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Friday, December 14, 2018

Study: Measuring Different Types of Relationship Styles in Psychosis

Division of Psychology and Mental Health
2nd Floor, Zochonis Building
The University of Manchester
Brunswick Street
M13 9PL

Participant Information Sheet

Measuring Different Types of Relationship Styles in Psychosis

You are being invited to take part in a research study developing a questionnaire to measure different types of relationship styles in psychosis. Before you decide whether or not you would like to take part in the study, please read the following information carefully so that you can understand what taking part would involve for you. Then click the button at the bottom of the page to continue. If you have any questions or queries about taking part in the study, please contact the principal investigator, Catherine Pollard (catherine.pollard AT postgrad.manchester.ac.uk). You do not have to make a decision straight away, so if you have any doubts or feel unsure please take some time to think it over.

What is the study about?

Our early relationships have been linked to the development of psychosis, a mental health problem that means people interpret things differently from those around them. Psychosis involves experiences such as hallucinations, where a person hears, sees and in some cases feels, smells or tastes things that are not there; or delusions, where a person has strong beliefs that are not shared by others.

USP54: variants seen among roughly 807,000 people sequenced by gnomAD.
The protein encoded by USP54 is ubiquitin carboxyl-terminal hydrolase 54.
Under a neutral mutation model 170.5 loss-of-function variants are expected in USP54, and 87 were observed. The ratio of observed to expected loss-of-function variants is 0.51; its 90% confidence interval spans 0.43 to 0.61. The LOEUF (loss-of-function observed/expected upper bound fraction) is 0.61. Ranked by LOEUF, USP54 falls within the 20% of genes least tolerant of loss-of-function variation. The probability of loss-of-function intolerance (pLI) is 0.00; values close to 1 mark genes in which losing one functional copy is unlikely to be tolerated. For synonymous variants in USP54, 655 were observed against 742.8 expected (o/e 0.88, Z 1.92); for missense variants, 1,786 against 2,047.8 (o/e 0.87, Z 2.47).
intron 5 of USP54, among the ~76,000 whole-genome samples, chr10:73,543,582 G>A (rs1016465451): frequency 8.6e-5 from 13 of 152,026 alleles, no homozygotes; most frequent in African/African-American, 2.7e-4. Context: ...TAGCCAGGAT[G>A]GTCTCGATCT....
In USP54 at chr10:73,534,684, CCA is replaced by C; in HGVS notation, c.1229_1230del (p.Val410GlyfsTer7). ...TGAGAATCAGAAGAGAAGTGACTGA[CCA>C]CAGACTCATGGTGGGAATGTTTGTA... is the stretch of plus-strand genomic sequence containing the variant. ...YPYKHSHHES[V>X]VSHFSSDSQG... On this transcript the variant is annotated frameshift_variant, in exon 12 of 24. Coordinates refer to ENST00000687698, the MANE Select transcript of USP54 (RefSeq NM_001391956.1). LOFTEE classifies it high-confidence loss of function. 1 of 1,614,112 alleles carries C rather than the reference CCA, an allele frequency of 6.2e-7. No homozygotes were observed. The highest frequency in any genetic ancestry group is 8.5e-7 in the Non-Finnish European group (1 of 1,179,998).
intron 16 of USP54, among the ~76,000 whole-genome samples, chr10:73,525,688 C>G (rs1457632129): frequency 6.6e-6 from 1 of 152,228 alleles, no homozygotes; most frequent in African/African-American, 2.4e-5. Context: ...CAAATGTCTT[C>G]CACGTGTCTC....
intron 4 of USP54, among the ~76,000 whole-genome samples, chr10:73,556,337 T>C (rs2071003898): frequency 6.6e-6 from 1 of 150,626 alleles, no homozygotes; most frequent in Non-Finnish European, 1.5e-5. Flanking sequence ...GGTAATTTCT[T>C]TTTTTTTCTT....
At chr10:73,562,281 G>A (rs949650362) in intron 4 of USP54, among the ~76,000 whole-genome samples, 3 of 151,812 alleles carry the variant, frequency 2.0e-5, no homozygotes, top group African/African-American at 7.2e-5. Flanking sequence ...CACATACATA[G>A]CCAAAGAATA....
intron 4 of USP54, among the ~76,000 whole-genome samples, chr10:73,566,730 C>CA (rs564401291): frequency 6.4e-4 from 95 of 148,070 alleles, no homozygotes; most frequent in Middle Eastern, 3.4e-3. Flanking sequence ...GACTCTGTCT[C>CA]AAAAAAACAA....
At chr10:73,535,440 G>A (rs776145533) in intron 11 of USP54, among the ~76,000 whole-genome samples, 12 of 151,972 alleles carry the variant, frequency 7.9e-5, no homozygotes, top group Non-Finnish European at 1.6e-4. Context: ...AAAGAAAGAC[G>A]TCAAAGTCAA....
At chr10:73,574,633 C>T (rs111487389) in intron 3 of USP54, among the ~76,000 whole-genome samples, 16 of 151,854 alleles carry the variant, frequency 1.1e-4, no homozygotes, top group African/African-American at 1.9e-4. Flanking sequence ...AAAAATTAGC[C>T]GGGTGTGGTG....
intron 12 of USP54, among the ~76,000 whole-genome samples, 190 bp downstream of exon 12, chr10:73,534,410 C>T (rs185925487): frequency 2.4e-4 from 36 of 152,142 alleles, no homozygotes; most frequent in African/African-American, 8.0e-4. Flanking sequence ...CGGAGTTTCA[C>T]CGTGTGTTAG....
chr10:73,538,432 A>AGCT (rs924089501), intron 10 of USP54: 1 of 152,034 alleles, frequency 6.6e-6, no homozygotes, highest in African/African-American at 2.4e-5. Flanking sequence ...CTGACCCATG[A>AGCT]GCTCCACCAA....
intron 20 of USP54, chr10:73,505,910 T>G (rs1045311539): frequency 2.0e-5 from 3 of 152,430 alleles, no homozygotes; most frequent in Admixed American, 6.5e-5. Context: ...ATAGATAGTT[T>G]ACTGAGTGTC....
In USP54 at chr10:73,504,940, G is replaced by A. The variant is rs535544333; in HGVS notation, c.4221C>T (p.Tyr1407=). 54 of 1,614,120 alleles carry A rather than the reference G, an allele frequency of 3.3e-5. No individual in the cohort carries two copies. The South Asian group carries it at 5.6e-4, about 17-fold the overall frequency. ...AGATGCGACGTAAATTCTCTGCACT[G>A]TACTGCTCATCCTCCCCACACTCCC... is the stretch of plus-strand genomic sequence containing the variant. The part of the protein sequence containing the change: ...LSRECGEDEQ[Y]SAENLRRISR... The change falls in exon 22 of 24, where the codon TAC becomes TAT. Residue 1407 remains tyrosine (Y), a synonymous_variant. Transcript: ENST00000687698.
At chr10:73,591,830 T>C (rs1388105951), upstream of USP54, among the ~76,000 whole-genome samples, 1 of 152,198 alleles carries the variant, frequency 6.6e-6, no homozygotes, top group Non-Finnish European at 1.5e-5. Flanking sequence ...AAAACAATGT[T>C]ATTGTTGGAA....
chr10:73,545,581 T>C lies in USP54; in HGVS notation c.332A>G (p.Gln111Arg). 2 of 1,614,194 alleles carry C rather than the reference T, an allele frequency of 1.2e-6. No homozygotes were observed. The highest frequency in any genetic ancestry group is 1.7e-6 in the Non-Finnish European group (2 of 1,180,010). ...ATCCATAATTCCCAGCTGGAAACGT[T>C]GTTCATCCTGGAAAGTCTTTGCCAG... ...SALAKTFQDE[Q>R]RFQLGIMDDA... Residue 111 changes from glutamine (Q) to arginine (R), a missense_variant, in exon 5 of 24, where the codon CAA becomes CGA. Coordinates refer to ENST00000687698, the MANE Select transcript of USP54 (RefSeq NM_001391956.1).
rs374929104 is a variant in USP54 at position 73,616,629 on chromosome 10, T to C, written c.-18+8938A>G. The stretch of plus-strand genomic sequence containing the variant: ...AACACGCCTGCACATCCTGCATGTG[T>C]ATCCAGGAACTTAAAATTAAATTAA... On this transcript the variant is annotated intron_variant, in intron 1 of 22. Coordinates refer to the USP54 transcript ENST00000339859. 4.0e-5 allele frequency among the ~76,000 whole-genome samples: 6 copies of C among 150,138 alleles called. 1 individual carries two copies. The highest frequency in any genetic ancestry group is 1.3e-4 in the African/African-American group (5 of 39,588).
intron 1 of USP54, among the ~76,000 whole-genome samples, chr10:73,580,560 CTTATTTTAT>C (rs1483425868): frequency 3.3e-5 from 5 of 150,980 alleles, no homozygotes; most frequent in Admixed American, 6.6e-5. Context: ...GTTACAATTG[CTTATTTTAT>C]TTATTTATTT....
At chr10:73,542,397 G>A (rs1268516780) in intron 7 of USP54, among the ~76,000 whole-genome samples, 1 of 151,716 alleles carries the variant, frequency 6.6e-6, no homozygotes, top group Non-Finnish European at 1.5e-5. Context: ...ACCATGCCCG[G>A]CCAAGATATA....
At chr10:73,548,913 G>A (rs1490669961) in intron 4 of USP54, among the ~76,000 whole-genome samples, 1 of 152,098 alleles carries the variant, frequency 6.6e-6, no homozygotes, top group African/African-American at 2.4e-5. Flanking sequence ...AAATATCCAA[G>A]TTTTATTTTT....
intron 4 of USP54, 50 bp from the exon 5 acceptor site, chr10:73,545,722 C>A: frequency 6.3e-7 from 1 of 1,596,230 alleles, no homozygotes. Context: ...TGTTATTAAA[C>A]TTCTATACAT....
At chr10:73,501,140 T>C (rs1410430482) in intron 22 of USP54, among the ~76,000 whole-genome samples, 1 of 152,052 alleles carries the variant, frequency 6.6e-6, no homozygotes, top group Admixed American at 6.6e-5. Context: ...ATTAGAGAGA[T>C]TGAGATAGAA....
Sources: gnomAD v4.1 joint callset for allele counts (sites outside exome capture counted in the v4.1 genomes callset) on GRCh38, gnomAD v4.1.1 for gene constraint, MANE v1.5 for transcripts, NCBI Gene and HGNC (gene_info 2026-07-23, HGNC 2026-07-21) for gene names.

When people are young, they develop a sense of how they relate to themselves, others and the world. This includes how others relate to them. Some people grow up seeing their parent/guardian as fearful. Research suggests that when these young people grow up they are more likely to report hearing voices and feel paranoid. However, it is not clear how this happens.

At the moment, it is difficult to understand why these people are more likely to hear voices and feel paranoid. Therefore, more research needs to be done. We aim to develop a questionnaire that measures whether people have grown up feeling scared of their parent/guardian so that we can use this in research to help us understand the link between feeling fearful in early relationships and the development of psychosis.

This study will not directly offer you any benefit, but the study addresses a gap in psychosis research. Our work will help to understand the development of unusual experiences and help us develop more treatments for distressing experiences.


humanistic ----------------------------------------------- mechanistic
early relationships 
lived experiences
sensory experiences -
hear, see, feel, smell, taste ...
hallucinations, delusions
psychosis, distress, trauma

Confident with

Involved in major accident
antipsychotic medication

English language

social environment
parent(s), guardian, significant others
fear, traumatic loss of other
 Therapeutic input: CBT, Psychologist


Treatment in a Mental Health
Unit / Hospital
Input from Community Mental Health Team or Early Intervention Service

subjective ------------------------------------------------------------------------------------- OBJECTIVE
qualitative -------------------------------------------------------------- QUANTITATIVE

My source:
@HearingVoicesUK & @RSInPsychosis